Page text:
Photo Credit: Wayne State University Press

Title: Brother’s from Afar: Rabbinic Approaches to Apostasy and Reversion in Medieval Europe
By: Ephraim Kanarfogel
Wayne State University Press



Throughout Jewish history, there have been waves of individuals who leave the Jewish community and faith: some of their own volition, others due to inquisitions, public pressure, and forced conversions. Many of these instances occurred in medieval Europe as Christianity spread and grew throughout the continent. However, not all apostates leave permanently; some return to the Jewish community and seek to be accepted once again, a situation which forces Jewish authorities to ask questions of philosophy, ethics, and Jewish law. Ephraim Kanarfogel’s Brother’s from Afar: Rabbinic Approaches to Apostasy and Reversion in Medieval Europe delves into these questions which arose throughout a turbulent era of Jewish life, taking readers on a journey through questions of identity, community, and connection in trying times.

One particularly fascinating recurring question described in the book is that of a symbolic re-conversion as an apostate returns from Christian ideals to Jewish ones. The Rabbinic authorities of medieval Europe generally agreed that one who is born Jewish can never truly leave, even if they are baptized and welcomed into Christian life; in essence, the Rabbinic authorities of the time did not recognize baptism or other apostatizing processes as legitimate. As such, an apostate returning to Judaism may follow the Rabbinic logic to understand that no cleansing process or re-conversion is necessary in order to rejoin Jewish life in full.

However, some members of the collective Ashkenazic Jewish community did not find this ruling satisfying, as they believed that leaving the Jewish faith led to too dramatic a change in lifestyle and character for a person to seamlessly return to Judaism without a display or ritual to symbolize the transition. As such, some proposed that a reverting apostate should be made to immerse in a ritual bath, similar to a standard conversion to Judaism.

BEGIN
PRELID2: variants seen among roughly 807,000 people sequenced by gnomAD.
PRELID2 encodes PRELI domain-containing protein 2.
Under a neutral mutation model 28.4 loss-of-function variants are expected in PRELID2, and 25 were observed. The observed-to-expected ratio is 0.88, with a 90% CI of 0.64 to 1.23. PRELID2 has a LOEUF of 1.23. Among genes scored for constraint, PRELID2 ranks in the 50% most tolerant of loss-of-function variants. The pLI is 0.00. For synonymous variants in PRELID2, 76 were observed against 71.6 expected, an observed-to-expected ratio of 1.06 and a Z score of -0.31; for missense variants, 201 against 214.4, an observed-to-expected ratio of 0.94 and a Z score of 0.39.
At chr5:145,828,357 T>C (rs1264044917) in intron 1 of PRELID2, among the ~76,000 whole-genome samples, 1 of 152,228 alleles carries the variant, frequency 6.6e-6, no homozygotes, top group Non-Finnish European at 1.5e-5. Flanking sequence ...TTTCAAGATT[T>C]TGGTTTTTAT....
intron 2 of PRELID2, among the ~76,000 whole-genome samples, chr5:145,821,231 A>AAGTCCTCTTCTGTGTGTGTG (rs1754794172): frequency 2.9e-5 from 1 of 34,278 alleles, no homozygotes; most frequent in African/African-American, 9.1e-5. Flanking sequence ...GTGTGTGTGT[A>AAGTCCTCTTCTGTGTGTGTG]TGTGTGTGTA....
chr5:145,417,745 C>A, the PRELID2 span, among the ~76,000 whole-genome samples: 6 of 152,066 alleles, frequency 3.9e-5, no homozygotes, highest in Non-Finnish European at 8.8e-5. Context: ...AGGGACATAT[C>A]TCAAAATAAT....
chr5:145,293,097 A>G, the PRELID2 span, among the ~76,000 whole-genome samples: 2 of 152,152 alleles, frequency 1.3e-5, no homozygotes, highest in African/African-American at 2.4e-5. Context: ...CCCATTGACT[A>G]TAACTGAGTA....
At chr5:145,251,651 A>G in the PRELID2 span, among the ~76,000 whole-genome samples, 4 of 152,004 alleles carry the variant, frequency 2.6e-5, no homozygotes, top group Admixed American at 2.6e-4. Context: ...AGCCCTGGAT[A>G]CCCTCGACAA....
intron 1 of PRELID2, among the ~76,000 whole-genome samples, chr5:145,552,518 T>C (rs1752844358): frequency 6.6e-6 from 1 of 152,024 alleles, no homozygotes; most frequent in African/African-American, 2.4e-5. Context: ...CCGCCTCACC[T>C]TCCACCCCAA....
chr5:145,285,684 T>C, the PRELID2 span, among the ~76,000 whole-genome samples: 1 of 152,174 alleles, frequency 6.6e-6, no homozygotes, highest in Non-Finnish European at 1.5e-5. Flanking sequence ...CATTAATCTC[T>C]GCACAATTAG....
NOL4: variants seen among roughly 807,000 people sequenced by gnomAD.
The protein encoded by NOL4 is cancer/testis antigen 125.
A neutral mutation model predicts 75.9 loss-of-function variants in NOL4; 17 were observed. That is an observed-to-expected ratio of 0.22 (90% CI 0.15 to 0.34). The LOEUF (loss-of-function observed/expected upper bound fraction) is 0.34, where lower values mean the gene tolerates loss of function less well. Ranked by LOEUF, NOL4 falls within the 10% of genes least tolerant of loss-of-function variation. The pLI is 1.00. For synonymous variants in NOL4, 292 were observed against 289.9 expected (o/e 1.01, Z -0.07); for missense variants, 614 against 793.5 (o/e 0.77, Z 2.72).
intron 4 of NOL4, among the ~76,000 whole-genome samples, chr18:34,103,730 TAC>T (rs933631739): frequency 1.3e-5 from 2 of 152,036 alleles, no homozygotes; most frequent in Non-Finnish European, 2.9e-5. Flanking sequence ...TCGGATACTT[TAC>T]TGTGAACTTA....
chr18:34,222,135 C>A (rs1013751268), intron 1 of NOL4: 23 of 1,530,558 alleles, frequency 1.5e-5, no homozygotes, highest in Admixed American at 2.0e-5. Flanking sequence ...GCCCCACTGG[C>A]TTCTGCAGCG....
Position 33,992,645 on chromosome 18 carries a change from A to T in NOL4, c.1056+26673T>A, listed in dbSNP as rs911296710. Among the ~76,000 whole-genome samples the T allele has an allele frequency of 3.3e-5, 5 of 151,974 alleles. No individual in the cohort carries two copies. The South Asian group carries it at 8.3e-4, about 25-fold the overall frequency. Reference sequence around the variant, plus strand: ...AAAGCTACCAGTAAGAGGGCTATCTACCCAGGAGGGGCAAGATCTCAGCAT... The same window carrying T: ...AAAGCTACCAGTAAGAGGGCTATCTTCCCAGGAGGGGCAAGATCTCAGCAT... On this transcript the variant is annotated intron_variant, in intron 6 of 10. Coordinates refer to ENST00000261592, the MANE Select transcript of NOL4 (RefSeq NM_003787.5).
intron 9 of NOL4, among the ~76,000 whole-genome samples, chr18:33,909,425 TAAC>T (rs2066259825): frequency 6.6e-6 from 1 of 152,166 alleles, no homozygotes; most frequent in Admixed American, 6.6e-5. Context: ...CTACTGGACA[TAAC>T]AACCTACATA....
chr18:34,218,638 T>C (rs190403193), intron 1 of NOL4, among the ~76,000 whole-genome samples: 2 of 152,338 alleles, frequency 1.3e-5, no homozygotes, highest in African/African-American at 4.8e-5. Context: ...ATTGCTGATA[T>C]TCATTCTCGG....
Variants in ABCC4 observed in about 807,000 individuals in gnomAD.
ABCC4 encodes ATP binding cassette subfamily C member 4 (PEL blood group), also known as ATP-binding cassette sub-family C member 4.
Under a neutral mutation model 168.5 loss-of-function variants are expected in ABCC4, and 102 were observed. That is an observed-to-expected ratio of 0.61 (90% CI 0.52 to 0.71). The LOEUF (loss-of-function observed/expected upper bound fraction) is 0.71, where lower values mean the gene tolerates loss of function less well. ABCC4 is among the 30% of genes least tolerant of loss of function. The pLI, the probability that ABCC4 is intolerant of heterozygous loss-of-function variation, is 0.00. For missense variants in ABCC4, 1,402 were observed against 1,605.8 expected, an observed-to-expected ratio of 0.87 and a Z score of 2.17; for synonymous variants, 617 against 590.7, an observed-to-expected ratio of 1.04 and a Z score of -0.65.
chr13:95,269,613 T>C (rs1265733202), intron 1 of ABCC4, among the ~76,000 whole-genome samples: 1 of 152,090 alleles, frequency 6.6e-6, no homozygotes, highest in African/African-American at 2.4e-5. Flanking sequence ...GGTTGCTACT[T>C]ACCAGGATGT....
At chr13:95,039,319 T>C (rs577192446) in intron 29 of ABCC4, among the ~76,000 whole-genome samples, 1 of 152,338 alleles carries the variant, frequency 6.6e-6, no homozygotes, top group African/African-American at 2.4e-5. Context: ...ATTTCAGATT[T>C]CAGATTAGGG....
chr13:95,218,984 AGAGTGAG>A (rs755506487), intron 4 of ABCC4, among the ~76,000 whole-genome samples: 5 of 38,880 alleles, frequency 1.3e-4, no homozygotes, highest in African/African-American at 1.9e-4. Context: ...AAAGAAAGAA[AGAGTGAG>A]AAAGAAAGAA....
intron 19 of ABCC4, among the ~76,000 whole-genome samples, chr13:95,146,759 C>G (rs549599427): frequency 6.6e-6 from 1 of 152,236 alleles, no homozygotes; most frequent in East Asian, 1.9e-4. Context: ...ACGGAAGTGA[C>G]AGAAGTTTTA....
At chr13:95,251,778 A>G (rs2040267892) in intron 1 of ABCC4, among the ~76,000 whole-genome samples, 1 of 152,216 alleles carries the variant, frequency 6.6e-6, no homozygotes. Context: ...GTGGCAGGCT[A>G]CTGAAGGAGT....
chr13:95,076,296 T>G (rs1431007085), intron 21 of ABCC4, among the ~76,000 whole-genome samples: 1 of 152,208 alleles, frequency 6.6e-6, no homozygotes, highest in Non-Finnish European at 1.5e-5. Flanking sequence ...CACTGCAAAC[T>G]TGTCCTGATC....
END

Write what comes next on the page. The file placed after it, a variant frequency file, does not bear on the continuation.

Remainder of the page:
While many authority figures viewed a reversion ritual as sensible, mandating such a ritual posed a paradox in Rabbinic logic: if a reverting apostate is commanded to undergo a cleansing ritual after baptism, the implication is that baptism, along with other such conversions, is legitimate, to a degree. As such, many Rabbinic figures ruled that a ritual immersion demarcating a return to the Jewish faith should be recommended as a symbolic marker, but may not be mandated as a legal marking of an official return to Jewish status. However, this question continued to be revisited over the years as Rabbinic authorities confronted different challenges during waves of apostasy throughout medieval Europe.

Apostasy and reversion do not happen in a vacuum. Individuals leaving the Jewish faith in medieval Europe led to broken friendships, divided families, and gaps in community life. Meanwhile, reversion to the Jewish faith and community led to questions of how to once again accommodate these individuals into Jewish community life, identity, and interpersonal relationships. Ephraim Kanarfogel’s Brother’s from Afar: Rabbinic Approaches to Apostasy and Reversion in Medieval Europe conceptually illustrates these questions in vivid detail, transporting readers to a time of immense religious tension and leading them through the Rabbinic arguments that brought clarity to a time of struggle and confusion within the Jewish community.


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Shayna Herszage-Feldan is a recent graduate of Stern College for Women and a research technician at the Nathan Kline Institute for Psychiatric Research.